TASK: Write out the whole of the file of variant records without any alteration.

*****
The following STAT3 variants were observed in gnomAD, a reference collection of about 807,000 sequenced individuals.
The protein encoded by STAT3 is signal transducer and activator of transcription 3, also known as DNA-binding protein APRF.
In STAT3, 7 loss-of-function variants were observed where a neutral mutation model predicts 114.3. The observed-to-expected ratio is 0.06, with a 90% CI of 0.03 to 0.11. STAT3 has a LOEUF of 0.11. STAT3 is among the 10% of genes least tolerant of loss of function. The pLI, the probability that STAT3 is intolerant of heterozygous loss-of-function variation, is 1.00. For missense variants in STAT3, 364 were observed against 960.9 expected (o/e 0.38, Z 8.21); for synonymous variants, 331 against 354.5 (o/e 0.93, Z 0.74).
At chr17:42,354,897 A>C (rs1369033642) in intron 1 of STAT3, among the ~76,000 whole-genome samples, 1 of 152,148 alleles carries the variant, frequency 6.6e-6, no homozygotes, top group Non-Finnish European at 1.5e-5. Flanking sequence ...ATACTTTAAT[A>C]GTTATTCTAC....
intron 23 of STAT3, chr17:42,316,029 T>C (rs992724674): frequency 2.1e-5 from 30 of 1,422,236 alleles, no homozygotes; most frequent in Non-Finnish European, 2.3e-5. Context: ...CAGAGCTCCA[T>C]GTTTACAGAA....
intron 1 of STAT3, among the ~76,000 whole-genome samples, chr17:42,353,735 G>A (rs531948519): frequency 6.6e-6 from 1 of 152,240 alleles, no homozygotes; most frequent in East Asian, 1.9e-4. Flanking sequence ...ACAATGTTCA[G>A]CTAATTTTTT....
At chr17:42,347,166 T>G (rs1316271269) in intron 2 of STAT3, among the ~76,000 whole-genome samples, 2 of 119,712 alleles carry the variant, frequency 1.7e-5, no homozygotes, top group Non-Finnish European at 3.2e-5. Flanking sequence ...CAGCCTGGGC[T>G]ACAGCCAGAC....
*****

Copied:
The following STAT3 variants were observed in gnomAD, a reference collection of about 807,000 sequenced individuals.
The protein encoded by STAT3 is signal transducer and activator of transcription 3, also known as DNA-binding protein APRF.
In STAT3, 7 loss-of-function variants were observed where a neutral mutation model predicts 114.3. The observed-to-expected ratio is 0.06, with a 90% CI of 0.03 to 0.11. STAT3 has a LOEUF of 0.11. STAT3 is among the 10% of genes least tolerant of loss of function. The pLI, the probability that STAT3 is intolerant of heterozygous loss-of-function variation, is 1.00. For missense variants in STAT3, 364 were observed against 960.9 expected (o/e 0.38, Z 8.21); for synonymous variants, 331 against 354.5 (o/e 0.93, Z 0.74).
At chr17:42,354,897 A>C (rs1369033642) in intron 1 of STAT3, among the ~76,000 whole-genome samples, 1 of 152,148 alleles carries the variant, frequency 6.6e-6, no homozygotes, top group Non-Finnish European at 1.5e-5. Flanking sequence ...ATACTTTAAT[A>C]GTTATTCTAC....
intron 23 of STAT3, chr17:42,316,029 T>C (rs992724674): frequency 2.1e-5 from 30 of 1,422,236 alleles, no homozygotes; most frequent in Non-Finnish European, 2.3e-5. Context: ...CAGAGCTCCA[T>C]GTTTACAGAA....
intron 1 of STAT3, among the ~76,000 whole-genome samples, chr17:42,353,735 G>A (rs531948519): frequency 6.6e-6 from 1 of 152,240 alleles, no homozygotes; most frequent in East Asian, 1.9e-4. Flanking sequence ...ACAATGTTCA[G>A]CTAATTTTTT....
At chr17:42,347,166 T>G (rs1316271269) in intron 2 of STAT3, among the ~76,000 whole-genome samples, 2 of 119,712 alleles carry the variant, frequency 1.7e-5, no homozygotes, top group Non-Finnish European at 3.2e-5. Flanking sequence ...CAGCCTGGGC[T>G]ACAGCCAGAC....